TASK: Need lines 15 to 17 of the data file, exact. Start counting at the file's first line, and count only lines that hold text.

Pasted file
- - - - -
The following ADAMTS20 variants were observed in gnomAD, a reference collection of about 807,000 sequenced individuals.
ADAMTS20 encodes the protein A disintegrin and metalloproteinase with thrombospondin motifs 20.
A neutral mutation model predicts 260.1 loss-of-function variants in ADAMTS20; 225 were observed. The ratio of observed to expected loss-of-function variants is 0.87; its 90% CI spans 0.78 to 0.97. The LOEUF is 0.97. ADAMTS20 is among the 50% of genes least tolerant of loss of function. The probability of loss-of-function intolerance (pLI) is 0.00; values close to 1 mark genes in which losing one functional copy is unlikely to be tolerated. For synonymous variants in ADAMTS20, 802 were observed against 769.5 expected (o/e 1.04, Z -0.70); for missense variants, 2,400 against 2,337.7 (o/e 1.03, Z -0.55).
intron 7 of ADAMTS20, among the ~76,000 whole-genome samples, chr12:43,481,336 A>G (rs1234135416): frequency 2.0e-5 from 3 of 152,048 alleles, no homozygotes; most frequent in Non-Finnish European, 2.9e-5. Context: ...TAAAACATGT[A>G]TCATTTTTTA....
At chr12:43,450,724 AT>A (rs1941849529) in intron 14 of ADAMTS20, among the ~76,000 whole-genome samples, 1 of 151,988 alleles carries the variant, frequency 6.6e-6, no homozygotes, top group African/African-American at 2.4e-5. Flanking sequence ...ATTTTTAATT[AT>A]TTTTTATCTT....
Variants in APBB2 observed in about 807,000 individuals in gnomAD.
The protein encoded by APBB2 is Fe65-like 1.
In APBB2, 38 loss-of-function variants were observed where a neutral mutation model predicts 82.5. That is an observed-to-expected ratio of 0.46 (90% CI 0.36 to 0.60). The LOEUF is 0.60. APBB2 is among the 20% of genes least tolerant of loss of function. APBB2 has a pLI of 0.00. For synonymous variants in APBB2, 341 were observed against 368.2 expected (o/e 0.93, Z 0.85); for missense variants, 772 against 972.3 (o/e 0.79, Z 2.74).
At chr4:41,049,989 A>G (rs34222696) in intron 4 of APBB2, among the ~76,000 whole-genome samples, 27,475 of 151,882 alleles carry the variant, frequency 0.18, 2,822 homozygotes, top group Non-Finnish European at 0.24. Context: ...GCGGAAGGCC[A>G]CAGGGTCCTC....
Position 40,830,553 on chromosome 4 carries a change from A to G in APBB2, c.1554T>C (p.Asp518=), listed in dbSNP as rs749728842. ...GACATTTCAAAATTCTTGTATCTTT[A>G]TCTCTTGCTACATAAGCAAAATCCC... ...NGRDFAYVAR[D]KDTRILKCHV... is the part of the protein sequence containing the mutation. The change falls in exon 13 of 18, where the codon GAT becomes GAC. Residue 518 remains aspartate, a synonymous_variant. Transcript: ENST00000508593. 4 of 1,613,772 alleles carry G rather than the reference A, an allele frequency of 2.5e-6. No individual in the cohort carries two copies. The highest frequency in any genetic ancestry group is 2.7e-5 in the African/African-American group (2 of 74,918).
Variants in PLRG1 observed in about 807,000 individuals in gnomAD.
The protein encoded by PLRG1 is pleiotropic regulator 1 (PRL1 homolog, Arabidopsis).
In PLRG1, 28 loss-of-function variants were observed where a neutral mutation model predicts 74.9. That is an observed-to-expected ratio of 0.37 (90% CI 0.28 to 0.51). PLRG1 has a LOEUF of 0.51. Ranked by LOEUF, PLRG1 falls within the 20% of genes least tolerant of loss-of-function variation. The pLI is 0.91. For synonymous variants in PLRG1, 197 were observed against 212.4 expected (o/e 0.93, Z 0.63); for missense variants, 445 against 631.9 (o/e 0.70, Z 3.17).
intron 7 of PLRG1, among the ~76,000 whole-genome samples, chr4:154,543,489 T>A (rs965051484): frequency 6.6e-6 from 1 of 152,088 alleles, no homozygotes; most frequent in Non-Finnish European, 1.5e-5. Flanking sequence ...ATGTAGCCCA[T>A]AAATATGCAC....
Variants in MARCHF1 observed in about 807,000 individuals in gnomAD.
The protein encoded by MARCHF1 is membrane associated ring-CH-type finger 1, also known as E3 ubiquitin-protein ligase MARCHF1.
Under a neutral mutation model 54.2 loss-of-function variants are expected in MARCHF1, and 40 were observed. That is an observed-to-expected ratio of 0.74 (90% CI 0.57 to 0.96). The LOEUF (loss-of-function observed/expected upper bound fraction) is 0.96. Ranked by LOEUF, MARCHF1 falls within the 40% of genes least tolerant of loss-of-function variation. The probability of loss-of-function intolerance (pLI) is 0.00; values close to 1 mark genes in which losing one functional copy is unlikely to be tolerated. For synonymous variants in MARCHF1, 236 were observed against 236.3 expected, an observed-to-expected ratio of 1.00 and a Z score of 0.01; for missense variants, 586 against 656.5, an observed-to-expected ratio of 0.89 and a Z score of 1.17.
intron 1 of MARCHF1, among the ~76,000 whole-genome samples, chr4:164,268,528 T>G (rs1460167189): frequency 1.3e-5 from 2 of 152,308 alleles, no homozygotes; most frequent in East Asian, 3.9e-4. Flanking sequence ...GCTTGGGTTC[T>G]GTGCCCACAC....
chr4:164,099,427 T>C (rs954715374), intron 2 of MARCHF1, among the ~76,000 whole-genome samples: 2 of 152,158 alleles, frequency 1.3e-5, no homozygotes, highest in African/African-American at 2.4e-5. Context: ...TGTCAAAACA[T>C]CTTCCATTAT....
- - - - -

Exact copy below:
Variants in MARCHF1 observed in about 807,000 individuals in gnomAD.
The protein encoded by MARCHF1 is membrane associated ring-CH-type finger 1, also known as E3 ubiquitin-protein ligase MARCHF1.
Under a neutral mutation model 54.2 loss-of-function variants are expected in MARCHF1, and 40 were observed. That is an observed-to-expected ratio of 0.74 (90% CI 0.57 to 0.96). The LOEUF (loss-of-function observed/expected upper bound fraction) is 0.96. Ranked by LOEUF, MARCHF1 falls within the 40% of genes least tolerant of loss-of-function variation. The probability of loss-of-function intolerance (pLI) is 0.00; values close to 1 mark genes in which losing one functional copy is unlikely to be tolerated. For synonymous variants in MARCHF1, 236 were observed against 236.3 expected, an observed-to-expected ratio of 1.00 and a Z score of 0.01; for missense variants, 586 against 656.5, an observed-to-expected ratio of 0.89 and a Z score of 1.17.